Here the central device of the Luftwaffe eagle flying to the right denotes the award for Transport and Glider Squadron aircrew.  Note that in this design the swastika is carried by the eagle, unlike all other clasps where it features at the base of the laurel wreath.

The document awarded to Leutnant Franz von Tesmar, a pilot (and adjutant) in a Transport squadron, winner of the German Cross in Gold and the Goblet of Honor.

 

Reconnaissance, Air-Sea Rescue and  Meteorological Squadron Clasp

Reconnaissance Clasp in Gold with "Star" Pendant

   

 

The central device of the eagle's head facing to the right denotes the award to Reconnaissance, Air-Sea Rescue and Meteorological flyers.  In this unmarked example note the "star pendant" attached to the basic bar ... as operational flights quickly began to exceed the 110 represented by a Gold award, it became necessary to recognize these achievements by enhancing the badge.  Introduced in June 1942, the pendant represents the completion of the following numbers of operational flights:

The other feature of this badge to note is that it is manufactured from zinc alloy. These badges are very commonly found with the original color wash faded, or indeed, non-existent, having been absorbed over time by the base metal. Author Adrian Forman describes these as "crude", and certainly they command less money on the collectors' market.  However, they generally maintain a solid standard of construction with sharp detail and serve to inform today's generation of the extreme demands on resources which occur in a war economy - if anything, they are historically interesting!

The document of the Reconnaissance award in Silver to Leutnant Theodore Wagner, an Observer in an Air-Sea Rescue squadron. Leutnant Wagner won the German Cross in Gold and Goblet of Honor.

 

The Air to Ground Support Squadron Clasp

Air to Ground Support Squadron Clasp in Silver

Created in April, 1944, the central device of the crossed swords denotes the award to Air to Ground Support Squadron flyers .... the "Schlachtflieger". Formerly, these personnel were awarded the clasp with the inverted winged arrow (see above). This Osang produced zinc clasp is rather special - it has most of the original finish intact!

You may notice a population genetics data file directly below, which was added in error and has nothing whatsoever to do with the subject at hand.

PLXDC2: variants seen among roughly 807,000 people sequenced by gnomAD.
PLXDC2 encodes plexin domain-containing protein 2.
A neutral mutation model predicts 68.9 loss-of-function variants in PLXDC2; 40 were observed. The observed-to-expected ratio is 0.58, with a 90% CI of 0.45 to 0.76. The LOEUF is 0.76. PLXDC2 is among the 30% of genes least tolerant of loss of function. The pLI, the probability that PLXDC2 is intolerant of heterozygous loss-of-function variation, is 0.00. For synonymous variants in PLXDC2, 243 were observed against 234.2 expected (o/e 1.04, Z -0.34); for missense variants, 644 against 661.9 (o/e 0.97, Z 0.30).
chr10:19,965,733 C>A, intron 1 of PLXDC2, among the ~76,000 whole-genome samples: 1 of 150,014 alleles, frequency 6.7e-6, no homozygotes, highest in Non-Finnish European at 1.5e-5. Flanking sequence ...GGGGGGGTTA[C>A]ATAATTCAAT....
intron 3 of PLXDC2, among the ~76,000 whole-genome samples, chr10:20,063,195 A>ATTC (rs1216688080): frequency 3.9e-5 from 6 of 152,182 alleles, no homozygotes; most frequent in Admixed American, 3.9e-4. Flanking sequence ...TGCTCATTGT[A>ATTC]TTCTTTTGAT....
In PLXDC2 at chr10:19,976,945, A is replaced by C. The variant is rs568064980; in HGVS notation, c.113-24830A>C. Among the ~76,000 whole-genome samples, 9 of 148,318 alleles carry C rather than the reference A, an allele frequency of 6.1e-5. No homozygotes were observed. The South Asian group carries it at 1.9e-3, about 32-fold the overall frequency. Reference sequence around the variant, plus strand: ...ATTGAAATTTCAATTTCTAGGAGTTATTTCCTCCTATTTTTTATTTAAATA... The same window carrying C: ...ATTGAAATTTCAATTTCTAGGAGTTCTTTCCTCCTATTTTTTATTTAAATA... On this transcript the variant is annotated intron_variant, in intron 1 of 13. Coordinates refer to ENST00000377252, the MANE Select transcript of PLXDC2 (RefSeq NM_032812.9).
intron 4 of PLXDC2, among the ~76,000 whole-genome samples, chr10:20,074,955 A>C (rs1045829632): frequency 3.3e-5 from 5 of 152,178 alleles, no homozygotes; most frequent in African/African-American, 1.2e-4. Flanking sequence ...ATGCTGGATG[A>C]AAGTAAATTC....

Air to Ground Support Squadron Clasp - 1957 model

In 1957, along with other WW2 military awards, the West German Government authorised the wearing of clasps of modified design (read - omission of swastika) by Luftwaffe veterans. Note the construction of the badge - all 1957 awards are said to have been manufactured by the one firm - Steinhauer and Luck.  

 The Night Fighter Clasps

Night fighter Clasp in Gold - photo courtesy Francois Saez

This is the rare document for the Night-Fighter Clasp with the usual illustration appearing at the top.  The device of the winged arrow is that of the Day Fighter clasp .... but note the blackened wreath, denoting the Nachtjager. Arrow up ... Short Range Night Fighter Squadrons. Arrow down ... Long Range Night Fighter Squadrons.  The recipient was Hauptmann Heinrich Wohlers who won the Knight's Cross in December 1943. He scored 29 night victories before his death in March 1944. At the time of the award he was the Gruppenkommandeur of IV./NJG4. He later became Geschwaderkommodore of NJG6.

 

  The Numbered Pendant

 Bomber Clasp in Gold with "400" Pendant

The ever-increasing numbers of flights accomplished by Luftwaffe airmen warranted yet another modification to the Operational Flying Clasp. The numbered pendant was introduced in April, 1944. Bars were produced commencing with the number "200", with increments of "100". Most readers will know of the special "2000" pendant won by Stuka ace Hans-Ulrich Rudel - there were many incredible achievements by other pilots/aircrew within this range. The clasp illustrated is a fine example of the Bomber Clasp in Gold produced by Kunststoff , Gablonz, in zinc alloy.